The Indian constitution is a colossus: running to more than 117, 000 words, it is the longest in the world. One of its eight fundamental principles states that ‘minorities, tribal areas, depressed communities and impoverished classes shall be provided adequate living conditions.’ Bearing in mind that all but 70% of the Indian population lives in rural areas, it is not hard to imagine the enormous difficulties the government faces to fulfil this commitment.
Subash Mohapatra once worked for one of the most influential newspapers in India. In 1995, he founded the NGO FFDA (Forum for Fact-Finding Documentation and Advocacy). He is still one of its directors. How and why did he make the move from a comfortable New Delhi office to the daily perils of being a human rights activist in modern India?
It happened one morning when he was recuperating in hospital from malaria. A girl of 12 was lying dead on a stretcher with a baby. When he asked what the sisters had died of, he was told, ‘they’re not sisters; they’re mother and child. They died in childbirth.’ Struck, Subash founded the FFDA a few months later, with the primary aim of denouncing the illegal but accepted practice of child marriage.
Although prohibited by Indian legislation since 1929, such marriages continued to be organised in massive numbers under the patronage of tradition, principally in the poorest of families. Today, 33% of girls in India are married before they reach the age of 15. Another third are already married by eighteen, the legal age limit for marriage. It’s a traditional ritual that affects primarily girls: apart from the fact that they are not physically equipped to give birth, forcing a child between the ages of 11 and 15 to marry condemns her to a life of illiteracy, economic dependency and psychological and physical incapacity.
The ground beneath their feet
For the millions of citizens considered ‘less than human’ by the illegal but omnipresent caste system, the constitution, legislation and law are meaningless irrelevancies - something that you won’t find mentioned in many tourists guides.
The cruellest kind of discrimination flourishes at the expense of the Dalit communities, better known as the ‘Untouchables’. The Dalit are leather workers, bottle cleaners, street sellers; they clean up after the multitude of animals that wander the streets; they are rural peasants without land or home. In some villages, it is prohibited for the shadow of a Dalit to fall across the path of a Brahman (who belong to the highest castes) for fear of contamination. For similar reasons, the Dalit are obliged to sweep the ground where they themselves walk. For them India remains an immense and invisible prison.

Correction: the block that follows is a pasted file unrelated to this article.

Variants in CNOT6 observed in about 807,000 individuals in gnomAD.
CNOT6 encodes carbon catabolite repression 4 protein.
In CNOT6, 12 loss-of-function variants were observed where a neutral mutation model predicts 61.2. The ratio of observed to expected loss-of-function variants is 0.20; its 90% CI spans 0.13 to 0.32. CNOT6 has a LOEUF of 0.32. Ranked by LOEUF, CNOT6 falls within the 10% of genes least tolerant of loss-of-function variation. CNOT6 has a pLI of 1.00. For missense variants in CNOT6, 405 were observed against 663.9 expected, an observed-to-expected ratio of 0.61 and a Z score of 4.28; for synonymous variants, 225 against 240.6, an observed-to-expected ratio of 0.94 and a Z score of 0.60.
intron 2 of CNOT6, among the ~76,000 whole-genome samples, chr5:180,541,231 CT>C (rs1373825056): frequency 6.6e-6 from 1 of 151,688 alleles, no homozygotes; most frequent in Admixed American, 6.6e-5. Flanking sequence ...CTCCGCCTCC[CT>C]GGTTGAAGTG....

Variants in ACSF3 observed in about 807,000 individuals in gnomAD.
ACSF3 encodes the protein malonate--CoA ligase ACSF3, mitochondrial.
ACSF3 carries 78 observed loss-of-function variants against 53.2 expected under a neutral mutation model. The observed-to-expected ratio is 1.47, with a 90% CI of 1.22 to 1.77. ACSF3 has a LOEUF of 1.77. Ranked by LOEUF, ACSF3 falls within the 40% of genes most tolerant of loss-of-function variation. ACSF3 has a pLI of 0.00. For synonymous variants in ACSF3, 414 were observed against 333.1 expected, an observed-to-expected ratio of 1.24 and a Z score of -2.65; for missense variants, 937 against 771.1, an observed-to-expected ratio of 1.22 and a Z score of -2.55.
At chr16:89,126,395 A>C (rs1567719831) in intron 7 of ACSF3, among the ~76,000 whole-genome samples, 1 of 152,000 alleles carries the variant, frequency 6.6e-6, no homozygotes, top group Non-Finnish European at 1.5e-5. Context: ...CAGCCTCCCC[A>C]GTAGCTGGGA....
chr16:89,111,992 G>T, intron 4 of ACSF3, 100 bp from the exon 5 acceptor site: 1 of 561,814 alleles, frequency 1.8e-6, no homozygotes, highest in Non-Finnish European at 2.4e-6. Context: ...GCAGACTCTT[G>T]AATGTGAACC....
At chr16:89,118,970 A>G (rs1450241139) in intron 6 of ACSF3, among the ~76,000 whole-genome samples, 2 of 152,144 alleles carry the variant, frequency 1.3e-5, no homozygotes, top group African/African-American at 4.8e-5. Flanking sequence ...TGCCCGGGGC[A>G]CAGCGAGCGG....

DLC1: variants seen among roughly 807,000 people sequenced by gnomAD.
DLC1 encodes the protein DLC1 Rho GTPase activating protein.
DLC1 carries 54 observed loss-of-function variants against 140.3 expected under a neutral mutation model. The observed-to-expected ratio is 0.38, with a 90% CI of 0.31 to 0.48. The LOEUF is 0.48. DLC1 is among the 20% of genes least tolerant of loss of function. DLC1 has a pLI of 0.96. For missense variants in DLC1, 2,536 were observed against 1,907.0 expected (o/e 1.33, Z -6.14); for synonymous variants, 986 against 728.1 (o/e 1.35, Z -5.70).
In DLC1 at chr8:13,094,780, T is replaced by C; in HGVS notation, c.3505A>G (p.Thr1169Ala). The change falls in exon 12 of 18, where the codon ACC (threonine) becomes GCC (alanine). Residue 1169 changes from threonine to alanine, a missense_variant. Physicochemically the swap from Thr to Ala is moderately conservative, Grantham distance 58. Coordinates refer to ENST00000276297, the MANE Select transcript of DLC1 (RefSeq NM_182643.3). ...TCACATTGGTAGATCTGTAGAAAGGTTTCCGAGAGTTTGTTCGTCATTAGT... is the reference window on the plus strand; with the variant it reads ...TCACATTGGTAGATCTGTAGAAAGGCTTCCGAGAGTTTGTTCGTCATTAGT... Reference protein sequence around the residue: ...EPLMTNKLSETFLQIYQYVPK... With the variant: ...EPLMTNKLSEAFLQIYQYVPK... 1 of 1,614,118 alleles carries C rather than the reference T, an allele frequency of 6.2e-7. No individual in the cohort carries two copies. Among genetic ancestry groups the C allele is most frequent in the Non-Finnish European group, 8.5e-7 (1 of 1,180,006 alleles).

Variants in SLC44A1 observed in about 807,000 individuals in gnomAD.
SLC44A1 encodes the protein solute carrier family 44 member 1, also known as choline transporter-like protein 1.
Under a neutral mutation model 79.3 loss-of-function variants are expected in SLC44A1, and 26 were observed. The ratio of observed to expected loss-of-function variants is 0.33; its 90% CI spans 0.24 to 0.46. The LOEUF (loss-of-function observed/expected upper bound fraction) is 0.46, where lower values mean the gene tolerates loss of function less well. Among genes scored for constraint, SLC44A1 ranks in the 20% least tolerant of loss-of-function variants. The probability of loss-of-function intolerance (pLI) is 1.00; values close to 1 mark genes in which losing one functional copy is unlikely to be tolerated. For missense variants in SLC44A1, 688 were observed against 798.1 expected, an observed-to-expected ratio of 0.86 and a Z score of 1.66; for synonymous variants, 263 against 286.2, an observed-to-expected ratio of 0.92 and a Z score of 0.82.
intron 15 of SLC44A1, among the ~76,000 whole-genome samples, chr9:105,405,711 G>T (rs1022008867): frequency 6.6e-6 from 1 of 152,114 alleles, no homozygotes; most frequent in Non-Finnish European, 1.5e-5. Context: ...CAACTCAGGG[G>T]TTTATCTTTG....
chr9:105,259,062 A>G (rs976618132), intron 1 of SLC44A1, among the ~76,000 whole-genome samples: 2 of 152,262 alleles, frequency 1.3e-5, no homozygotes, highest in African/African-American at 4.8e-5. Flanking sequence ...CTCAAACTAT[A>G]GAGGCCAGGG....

Then there are the Adivasi, who make up 8% of the population, concentrated in various indigenous groups whose way of life, farming techniques and religious ceremony have changed little in two thousand years. This social and cultural isolation keeps them on the fringes of society and citizenship, the inferior race. The Indian authorities take their lands, privatise their forests and rivers and expel them from their villages, usually with no kind of compensation, in the name of development. It's a global phenomenon that will always keep them marginalised.
The FFDA is equally motivated by cases of Adivasi women and girls who are raped by local leaders, police and spiritual guides. These fall under the type of crimes that no-one dare report. Similarly the Dalit are unjustifiably imprisoned, with neither evidence nor trail, and often for months on end. The ultimate aim? Justice for those who have neither voice nor anyone to turn to.
Child labour: the basic facts
UNICEF estimates that around 246 million children are involved in child labour. Of these, approximately 171 million work in dangerous conditions.
According to UNICEF (The United Nations Children's Fund, which works for children's rights, their survival, development and protection) however, not all children’s work is negative. It distinguishes between child work and child labour.
Child work is any participation in economic activity which does not negatively affect a child’s health or development or interfere with their education. Light work is permitted from 12 years old, according to article 138 of the International Labour Organization (ILO) Convention,.
More concretely, children could work at home, or on the family farm or business. Child work is fair as long as their health is not harmed, and they are still able to attend school and enjoy normal childhood activities.
This can constitute any activity not respected by the convention. In other words, this means any children below the age of 12 who work, plus those aged 12-14 who are involved in heavy work and any children involved in the worst types of child labour.
UNICEF lists the worst types of child labour as:EnslavementForced recruitmentProstitutionTraffickingBeing forced into illegal activitiesExposed to hazardous conditions
No way for a children revolution
UNICEF is realistic, realising that for the present it is impossible to eradicate child labour completely. But there are many things which can already be done to improve child labour conditions and create positive child work.
For example, in Firozabad in Uttar Pradesh, India, children who work in the dangerous glass bangle trade are being helped through canvassing, street plays and shows. Children and their parents are informed about the dangers of this work. Children between the ages of 6 and 14 can attend Alternative Learning Centres after work, as a stepping stone to a more formal education. In Nepal, UNICEF and the Norwegian government have set up ‘Bal Bikas Kendras’ - community based child development centres which offer working children 2 hour classes, 6 days a week.